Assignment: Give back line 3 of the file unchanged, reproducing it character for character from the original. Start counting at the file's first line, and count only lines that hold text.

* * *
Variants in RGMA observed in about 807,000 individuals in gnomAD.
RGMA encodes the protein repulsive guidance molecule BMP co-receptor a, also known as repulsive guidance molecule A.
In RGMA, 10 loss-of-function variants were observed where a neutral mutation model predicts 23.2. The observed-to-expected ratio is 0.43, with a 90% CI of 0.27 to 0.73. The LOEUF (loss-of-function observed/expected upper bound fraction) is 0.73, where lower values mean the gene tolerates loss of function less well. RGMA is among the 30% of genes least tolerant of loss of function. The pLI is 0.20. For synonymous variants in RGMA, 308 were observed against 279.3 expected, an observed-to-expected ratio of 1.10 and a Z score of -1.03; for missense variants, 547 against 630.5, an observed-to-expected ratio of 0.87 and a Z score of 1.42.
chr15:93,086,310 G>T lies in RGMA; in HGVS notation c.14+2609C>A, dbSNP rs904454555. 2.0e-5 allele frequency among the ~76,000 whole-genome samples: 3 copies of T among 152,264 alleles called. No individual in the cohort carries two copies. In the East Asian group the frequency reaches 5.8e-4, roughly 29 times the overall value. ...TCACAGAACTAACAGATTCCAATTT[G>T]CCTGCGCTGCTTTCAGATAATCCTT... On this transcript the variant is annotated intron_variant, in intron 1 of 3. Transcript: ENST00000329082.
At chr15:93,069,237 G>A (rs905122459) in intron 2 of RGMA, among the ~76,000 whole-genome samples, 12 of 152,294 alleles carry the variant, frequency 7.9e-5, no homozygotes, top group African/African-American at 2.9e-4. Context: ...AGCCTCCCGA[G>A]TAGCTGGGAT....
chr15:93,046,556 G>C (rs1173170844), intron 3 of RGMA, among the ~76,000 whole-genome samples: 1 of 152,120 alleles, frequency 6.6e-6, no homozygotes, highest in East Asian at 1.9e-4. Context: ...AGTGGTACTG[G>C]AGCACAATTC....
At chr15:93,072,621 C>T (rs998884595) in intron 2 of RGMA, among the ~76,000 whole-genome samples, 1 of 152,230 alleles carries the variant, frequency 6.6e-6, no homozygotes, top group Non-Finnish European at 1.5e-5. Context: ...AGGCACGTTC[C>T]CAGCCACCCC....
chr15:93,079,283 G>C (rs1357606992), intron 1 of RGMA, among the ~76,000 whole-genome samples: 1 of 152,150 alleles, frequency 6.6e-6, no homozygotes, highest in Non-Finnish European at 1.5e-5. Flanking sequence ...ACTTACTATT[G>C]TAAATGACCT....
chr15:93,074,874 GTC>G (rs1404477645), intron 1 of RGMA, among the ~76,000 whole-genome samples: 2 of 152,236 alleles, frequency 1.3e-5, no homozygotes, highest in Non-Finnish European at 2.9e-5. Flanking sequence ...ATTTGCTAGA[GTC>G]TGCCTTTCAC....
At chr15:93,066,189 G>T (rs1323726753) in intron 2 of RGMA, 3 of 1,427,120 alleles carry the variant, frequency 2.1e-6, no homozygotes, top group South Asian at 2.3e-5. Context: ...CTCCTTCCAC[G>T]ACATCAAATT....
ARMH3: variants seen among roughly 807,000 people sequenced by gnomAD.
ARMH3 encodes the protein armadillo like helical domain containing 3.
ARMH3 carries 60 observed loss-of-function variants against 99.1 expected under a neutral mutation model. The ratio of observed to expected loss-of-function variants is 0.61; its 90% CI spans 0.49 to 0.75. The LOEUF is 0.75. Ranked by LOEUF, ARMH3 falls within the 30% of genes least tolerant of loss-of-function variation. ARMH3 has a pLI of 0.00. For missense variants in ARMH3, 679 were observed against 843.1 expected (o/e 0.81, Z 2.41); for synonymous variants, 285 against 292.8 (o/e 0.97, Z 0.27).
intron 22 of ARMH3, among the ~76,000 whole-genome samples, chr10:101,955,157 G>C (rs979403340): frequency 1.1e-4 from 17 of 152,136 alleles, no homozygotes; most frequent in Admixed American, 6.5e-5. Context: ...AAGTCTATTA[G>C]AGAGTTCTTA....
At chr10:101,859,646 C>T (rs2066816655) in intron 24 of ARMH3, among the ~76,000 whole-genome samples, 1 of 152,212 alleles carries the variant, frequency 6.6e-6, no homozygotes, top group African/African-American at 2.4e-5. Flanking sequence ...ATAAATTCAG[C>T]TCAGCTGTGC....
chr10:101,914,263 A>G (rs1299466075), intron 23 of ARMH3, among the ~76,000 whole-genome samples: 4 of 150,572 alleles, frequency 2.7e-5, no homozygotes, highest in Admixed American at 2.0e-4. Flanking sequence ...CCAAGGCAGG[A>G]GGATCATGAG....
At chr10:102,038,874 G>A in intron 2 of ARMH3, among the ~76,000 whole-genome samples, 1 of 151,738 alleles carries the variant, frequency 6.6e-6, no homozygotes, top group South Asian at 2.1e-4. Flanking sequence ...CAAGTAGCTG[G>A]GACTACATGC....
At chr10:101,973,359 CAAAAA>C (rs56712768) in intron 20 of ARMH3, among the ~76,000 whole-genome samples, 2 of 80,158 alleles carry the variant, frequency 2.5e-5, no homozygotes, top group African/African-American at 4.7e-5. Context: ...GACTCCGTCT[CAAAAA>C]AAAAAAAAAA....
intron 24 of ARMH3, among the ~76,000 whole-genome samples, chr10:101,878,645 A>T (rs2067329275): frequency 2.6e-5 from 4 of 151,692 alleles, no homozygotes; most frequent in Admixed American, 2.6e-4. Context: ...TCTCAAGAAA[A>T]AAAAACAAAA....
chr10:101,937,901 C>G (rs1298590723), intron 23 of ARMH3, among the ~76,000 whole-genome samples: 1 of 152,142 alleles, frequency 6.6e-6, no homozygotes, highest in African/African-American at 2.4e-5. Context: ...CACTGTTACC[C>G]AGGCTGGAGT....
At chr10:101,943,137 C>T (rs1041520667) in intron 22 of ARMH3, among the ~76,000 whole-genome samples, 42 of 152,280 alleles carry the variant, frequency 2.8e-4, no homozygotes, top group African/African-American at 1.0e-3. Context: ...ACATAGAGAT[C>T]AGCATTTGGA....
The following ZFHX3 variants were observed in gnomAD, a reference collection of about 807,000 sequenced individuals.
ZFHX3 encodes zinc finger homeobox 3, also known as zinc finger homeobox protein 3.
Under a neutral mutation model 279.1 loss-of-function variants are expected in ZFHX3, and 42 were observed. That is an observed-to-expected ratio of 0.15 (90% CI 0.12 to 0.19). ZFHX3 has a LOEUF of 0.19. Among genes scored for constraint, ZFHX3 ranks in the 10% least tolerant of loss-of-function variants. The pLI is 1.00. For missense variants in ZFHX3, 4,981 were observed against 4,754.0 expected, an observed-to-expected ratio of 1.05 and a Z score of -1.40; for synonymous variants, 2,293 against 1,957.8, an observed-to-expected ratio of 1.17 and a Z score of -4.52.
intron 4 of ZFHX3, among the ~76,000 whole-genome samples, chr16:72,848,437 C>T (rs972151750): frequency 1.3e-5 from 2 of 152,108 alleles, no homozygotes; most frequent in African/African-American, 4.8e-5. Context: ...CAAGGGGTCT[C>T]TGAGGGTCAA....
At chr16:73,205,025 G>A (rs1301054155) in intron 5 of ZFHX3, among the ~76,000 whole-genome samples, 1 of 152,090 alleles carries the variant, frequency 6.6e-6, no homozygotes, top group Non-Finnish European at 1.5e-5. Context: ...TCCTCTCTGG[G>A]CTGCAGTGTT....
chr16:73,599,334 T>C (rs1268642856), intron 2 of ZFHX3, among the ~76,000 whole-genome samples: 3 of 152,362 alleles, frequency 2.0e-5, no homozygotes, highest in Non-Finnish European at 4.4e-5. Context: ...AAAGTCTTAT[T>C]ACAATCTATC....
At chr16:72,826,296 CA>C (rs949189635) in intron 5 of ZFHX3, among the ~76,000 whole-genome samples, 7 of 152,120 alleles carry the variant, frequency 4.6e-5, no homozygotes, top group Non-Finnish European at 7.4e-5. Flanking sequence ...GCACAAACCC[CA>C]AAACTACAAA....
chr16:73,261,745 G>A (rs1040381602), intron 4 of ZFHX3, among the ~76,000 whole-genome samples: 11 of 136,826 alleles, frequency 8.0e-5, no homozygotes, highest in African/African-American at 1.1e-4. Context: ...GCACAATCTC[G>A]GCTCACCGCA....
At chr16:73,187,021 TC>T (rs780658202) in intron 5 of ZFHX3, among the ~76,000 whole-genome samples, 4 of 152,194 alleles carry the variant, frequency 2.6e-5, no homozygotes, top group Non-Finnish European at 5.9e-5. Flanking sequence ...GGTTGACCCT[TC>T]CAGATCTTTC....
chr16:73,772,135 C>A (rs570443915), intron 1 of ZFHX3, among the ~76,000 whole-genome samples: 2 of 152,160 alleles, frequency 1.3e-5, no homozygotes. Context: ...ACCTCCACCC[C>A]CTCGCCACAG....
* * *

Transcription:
In RGMA, 10 loss-of-function variants were observed where a neutral mutation model predicts 23.2. The observed-to-expected ratio is 0.43, with a 90% CI of 0.27 to 0.73. The LOEUF (loss-of-function observed/expected upper bound fraction) is 0.73, where lower values mean the gene tolerates loss of function less well. RGMA is among the 30% of genes least tolerant of loss of function. The pLI is 0.20. For synonymous variants in RGMA, 308 were observed against 279.3 expected, an observed-to-expected ratio of 1.10 and a Z score of -1.03; for missense variants, 547 against 630.5, an observed-to-expected ratio of 0.87 and a Z score of 1.42.